Dolphin Tales: Dolphins also have to protect themselves from the sun’s ultraviolet rays
Did you know dolphins are susceptible to sunburn? Injured or elderly dolphins who take a rest in the shallows could be trapped by an outgoing tide and find themselves vulnerable to South-west Florida’s scorching sun.
Dolphins don’t have scales or feathers — or sunscreen — and rely on continual movement in the water to protect them from damaging ultraviolet rays.
Fortunately, such instances are rare, largely because dolphins are so intelligent and they avoid stranding. Their brain to body mass is second only to humans. They use echolocation and communicate with an amazing variety of whistles, clicks and pops. They can learn complicated routines and have a remarkable range of mental powers. Dolphins learn quickly and have excellent memories.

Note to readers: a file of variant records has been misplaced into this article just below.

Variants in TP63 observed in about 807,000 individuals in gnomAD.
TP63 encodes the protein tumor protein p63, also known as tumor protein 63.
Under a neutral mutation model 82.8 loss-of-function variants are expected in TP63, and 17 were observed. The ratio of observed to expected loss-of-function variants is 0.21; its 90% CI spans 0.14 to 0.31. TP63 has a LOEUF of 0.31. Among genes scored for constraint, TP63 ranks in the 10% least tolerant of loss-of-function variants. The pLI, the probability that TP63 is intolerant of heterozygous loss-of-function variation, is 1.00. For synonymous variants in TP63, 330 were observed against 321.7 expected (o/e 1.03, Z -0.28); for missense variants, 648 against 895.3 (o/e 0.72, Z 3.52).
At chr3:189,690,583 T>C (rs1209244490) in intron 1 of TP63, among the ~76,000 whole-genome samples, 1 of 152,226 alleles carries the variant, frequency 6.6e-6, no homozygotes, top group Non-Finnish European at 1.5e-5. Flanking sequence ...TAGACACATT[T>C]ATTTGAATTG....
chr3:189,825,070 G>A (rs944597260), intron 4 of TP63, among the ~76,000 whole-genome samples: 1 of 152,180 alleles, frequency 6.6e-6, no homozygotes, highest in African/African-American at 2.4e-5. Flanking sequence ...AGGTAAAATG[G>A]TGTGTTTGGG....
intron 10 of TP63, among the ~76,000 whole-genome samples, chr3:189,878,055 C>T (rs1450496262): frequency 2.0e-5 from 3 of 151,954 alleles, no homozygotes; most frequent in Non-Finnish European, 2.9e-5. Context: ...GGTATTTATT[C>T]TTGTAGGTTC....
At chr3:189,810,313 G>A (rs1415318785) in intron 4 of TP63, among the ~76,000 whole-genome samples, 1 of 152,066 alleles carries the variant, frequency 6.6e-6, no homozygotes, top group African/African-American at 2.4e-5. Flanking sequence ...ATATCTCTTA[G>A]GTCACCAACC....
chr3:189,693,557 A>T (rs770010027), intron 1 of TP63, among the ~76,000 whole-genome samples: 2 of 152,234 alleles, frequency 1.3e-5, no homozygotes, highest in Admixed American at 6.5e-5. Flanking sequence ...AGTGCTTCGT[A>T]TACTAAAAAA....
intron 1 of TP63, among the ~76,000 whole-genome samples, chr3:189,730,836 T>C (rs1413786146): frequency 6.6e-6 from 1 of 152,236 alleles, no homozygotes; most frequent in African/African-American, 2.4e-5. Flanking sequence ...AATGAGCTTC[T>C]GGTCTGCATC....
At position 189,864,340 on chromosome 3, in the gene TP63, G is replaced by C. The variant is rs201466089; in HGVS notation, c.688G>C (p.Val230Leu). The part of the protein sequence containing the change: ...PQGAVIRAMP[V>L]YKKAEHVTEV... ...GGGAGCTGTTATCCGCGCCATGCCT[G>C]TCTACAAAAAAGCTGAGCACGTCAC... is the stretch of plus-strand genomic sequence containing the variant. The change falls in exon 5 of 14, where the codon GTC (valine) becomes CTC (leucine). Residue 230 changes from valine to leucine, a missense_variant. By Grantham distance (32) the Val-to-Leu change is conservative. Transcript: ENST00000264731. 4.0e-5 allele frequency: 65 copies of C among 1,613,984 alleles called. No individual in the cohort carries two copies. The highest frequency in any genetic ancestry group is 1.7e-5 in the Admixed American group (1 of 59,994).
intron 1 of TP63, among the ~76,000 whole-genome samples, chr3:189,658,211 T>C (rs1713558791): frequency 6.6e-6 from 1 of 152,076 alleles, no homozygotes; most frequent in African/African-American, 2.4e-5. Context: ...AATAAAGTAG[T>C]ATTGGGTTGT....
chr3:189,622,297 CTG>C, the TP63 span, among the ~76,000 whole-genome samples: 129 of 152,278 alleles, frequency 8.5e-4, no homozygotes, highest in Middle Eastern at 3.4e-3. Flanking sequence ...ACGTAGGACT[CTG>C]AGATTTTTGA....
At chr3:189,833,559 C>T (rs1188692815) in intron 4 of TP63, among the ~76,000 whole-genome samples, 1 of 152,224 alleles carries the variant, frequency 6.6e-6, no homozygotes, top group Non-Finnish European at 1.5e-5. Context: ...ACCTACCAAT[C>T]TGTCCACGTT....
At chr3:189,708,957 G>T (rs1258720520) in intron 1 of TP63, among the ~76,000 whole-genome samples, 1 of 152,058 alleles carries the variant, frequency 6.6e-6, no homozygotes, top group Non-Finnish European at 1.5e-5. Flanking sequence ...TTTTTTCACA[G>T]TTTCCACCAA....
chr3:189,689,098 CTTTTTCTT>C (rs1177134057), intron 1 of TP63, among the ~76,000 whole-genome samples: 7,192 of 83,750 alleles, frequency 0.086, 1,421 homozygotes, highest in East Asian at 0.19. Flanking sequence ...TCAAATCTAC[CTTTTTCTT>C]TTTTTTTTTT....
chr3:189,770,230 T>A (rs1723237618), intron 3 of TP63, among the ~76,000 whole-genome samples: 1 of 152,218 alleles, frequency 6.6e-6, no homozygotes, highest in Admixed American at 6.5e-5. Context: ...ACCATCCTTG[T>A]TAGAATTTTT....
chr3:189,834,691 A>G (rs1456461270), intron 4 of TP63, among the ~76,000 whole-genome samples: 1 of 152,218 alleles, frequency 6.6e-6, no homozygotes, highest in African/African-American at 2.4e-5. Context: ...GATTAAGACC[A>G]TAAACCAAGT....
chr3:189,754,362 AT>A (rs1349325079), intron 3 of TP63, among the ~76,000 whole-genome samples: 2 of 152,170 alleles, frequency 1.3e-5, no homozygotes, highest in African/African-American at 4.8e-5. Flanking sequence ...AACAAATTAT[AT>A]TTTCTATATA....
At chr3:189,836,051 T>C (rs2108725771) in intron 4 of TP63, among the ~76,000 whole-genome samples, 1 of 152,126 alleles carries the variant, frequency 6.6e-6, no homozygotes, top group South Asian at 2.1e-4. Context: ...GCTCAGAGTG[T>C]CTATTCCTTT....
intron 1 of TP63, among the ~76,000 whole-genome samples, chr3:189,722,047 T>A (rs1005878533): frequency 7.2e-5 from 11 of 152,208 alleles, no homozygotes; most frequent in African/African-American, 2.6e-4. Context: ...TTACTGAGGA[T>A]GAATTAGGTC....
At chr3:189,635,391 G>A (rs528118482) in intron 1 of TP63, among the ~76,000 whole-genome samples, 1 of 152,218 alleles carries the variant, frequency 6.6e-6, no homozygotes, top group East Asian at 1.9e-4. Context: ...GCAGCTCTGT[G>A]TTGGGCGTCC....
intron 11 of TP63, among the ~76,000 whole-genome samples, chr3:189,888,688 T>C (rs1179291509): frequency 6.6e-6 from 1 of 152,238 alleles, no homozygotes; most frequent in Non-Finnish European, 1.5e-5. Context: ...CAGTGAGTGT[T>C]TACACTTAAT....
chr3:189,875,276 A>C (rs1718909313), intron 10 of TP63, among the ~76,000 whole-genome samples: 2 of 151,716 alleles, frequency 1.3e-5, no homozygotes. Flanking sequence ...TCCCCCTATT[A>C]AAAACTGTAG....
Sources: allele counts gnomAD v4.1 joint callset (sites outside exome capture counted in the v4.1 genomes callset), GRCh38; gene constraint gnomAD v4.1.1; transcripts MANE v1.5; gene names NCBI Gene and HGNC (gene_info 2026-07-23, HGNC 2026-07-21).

I guess that’s how they’re so familiar with me. On the water I intently wait and watch for these gregarious mammals. If they are feeding or mating, I keep my distance. We want to protect the species, after all. When I’m confident their bellies are full and mating isn’t a concern, I beckon the dolphins using my own time-tested set of calls. And then the fun begins.
They cruise into the wake of my 25-foot catamaran Wings To Fly and thrill onlookers with their spins, leaps and darting maneuvers.
Capt. Cathy Eagle has spent over 40 years boating the waters around Pine Island Sound. She has been a professional charter captain nearly 15 years specializing in dolphin and nature tours. Visit CaptainCathy.com or call 239 994-2572.